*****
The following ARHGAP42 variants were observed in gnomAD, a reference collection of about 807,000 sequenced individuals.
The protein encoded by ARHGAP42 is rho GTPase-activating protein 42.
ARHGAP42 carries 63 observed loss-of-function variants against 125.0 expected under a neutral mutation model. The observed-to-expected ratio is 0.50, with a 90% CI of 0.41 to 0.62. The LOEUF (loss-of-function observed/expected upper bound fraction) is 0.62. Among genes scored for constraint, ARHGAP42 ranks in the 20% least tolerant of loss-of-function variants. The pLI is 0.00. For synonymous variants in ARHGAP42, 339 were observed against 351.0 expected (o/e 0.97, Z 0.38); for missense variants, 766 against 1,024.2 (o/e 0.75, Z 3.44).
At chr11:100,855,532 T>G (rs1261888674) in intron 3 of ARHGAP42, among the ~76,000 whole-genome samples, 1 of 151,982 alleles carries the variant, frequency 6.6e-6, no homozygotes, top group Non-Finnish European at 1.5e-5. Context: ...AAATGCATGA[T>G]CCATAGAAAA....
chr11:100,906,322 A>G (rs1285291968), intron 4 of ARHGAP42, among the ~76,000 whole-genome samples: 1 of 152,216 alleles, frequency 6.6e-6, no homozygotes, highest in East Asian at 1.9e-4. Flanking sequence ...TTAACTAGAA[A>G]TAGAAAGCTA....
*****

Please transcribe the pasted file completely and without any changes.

The following ARHGAP42 variants were observed in gnomAD, a reference collection of about 807,000 sequenced individuals.
The protein encoded by ARHGAP42 is rho GTPase-activating protein 42.
ARHGAP42 carries 63 observed loss-of-function variants against 125.0 expected under a neutral mutation model. The observed-to-expected ratio is 0.50, with a 90% CI of 0.41 to 0.62. The LOEUF (loss-of-function observed/expected upper bound fraction) is 0.62. Among genes scored for constraint, ARHGAP42 ranks in the 20% least tolerant of loss-of-function variants. The pLI is 0.00. For synonymous variants in ARHGAP42, 339 were observed against 351.0 expected (o/e 0.97, Z 0.38); for missense variants, 766 against 1,024.2 (o/e 0.75, Z 3.44).
At chr11:100,855,532 T>G (rs1261888674) in intron 3 of ARHGAP42, among the ~76,000 whole-genome samples, 1 of 151,982 alleles carries the variant, frequency 6.6e-6, no homozygotes, top group Non-Finnish European at 1.5e-5. Context: ...AAATGCATGA[T>G]CCATAGAAAA....
chr11:100,906,322 A>G (rs1285291968), intron 4 of ARHGAP42, among the ~76,000 whole-genome samples: 1 of 152,216 alleles, frequency 6.6e-6, no homozygotes, highest in East Asian at 1.9e-4. Flanking sequence ...TTAACTAGAA[A>G]TAGAAAGCTA....